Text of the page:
To decide which employees need skills development and which skills to enhance, managers could look at aggregated data from guest feedback over an extended period of time to identify which departments within the hotel need to improve their performance. In addition to the areas where skills may be lacking it is also prudent to highlight from guest feedback data where the hotel is excelling. Focusing on already strong areas within the team could mean that further enhancement of those areas, departments, individuals or locations can become the hotel's biggest asset and unique selling point which can be leveraged to increase bookings over competitors.
5. Implement a health and wellness programme
Implementing a health and wellness programme at your hotel can have life-changing benefits for your team, in addition to improving work performance and productivity, and decreasing absenteeism. It is important to remember that work and home life are not mutually exclusive and often areas of stress or strain in one can impact the other. Therefore it is important to address the factors of overall well-being to ensure that employees are happy and thriving.
For individual staff, creating an environment which educates and supports employees in their health and well-being can mean a decline in the number of people suffering from lifestyle diseases. Historically, health and wellness programs were thought of as a nice-to-have, an optional extra just to boost morale, but science is showing that having healthy, capable and happy employees is a benefit to your business and to the employees themselves.
“The mental health and wellbeing of employees is critical for maintaining sustainable levels of employee engagement, resilience in the face of organisational change, motivation and innovation. Through an integrated employee wellness approach, employers can benefit through the positive impact on productivity and business performance,” says Dr Leanne Mandim, Head of Employee Health and Wellness Solutions for Life Employee Health Solutions in their blog on corporate wellness.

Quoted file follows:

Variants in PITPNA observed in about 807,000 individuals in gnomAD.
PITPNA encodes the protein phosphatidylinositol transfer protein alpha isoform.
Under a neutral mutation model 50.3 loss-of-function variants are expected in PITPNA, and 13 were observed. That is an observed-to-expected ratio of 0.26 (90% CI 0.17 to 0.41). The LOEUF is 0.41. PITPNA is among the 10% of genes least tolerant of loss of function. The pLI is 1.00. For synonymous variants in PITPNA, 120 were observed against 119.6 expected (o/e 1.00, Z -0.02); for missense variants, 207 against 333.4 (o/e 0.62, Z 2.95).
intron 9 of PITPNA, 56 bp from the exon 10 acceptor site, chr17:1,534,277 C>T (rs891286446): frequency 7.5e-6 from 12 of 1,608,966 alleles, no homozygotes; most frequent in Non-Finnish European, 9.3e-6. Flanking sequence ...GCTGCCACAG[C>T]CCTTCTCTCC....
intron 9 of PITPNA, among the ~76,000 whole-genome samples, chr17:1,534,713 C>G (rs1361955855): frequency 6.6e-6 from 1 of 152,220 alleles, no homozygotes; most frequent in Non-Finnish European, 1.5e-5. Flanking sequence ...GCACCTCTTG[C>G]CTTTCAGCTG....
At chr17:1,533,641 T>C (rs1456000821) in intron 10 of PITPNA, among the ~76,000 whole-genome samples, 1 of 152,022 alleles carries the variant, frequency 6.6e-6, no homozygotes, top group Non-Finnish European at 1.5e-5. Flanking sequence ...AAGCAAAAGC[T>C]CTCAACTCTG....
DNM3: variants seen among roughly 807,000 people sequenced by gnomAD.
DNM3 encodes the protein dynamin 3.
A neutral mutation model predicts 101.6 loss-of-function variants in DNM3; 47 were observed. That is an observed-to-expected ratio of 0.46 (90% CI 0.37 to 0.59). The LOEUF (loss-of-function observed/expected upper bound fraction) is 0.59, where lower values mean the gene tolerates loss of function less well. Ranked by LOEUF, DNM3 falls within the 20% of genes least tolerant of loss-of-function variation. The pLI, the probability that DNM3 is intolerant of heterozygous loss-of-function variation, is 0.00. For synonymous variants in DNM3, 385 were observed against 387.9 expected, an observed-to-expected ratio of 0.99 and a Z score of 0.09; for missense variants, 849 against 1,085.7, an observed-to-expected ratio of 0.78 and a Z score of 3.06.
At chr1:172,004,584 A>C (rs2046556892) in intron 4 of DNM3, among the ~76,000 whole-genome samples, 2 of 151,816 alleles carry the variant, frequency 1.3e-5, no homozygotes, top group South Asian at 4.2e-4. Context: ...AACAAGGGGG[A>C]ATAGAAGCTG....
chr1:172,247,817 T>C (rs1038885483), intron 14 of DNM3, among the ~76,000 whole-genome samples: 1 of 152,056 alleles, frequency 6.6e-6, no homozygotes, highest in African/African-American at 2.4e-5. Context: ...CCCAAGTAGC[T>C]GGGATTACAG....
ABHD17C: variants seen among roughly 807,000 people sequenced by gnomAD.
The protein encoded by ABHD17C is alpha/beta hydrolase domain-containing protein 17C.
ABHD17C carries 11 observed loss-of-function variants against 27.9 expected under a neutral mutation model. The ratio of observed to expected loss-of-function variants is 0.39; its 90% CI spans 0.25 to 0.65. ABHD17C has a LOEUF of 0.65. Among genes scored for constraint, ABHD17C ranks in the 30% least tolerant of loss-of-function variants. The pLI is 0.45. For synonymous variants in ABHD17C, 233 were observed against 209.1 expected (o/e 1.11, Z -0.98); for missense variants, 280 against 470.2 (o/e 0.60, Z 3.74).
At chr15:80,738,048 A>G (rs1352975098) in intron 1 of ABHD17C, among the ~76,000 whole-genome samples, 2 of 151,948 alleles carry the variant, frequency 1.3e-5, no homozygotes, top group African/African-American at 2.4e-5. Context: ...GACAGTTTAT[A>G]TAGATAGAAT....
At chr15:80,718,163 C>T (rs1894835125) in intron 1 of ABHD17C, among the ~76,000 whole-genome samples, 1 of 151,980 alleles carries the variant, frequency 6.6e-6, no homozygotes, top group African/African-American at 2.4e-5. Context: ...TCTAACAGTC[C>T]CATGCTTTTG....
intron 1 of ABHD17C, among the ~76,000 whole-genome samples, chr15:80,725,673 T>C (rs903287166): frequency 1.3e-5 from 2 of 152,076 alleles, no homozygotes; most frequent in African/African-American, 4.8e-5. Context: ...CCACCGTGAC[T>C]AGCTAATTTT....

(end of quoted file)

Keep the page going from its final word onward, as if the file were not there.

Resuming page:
Open and honest communication with employees will allow management to assess which areas need attention and which areas employees already feel satisfied or fulfilled.
Benefits of positive morale
Research by Oxford University's Saïd Business School, in collaboration with British multinational telecoms firm BT, has found a conclusive link between happiness and productivity. Employees who are happier and have higher levels of motivation or who feel actively engaged in their work are more likely to be committed to working at their best.
Another study published in Sage Journal noted that “Morale is associated with greater work effort, but the relationship between work effort and productivity becomes stronger at higher levels of morale. Thus, part of the influence of morale on productivity is a matter of increasing the effectiveness of workers’ efforts.”
Therefore, it is clear that management has a responsibility to create, foster and maintain a healthy, balanced workplace where employees feel heard, respected and recognised. Improving the morale of the staff compliment benefits all involved – including and especially your guests. While the hospitality industry comes with its own unique challenges and culture, it also comes with staff who are acutely aware of personal connection and relationship building. Therefore while this industry may be the most in need of employee morale enhancement, it is also one of the most equipped to facilitate it.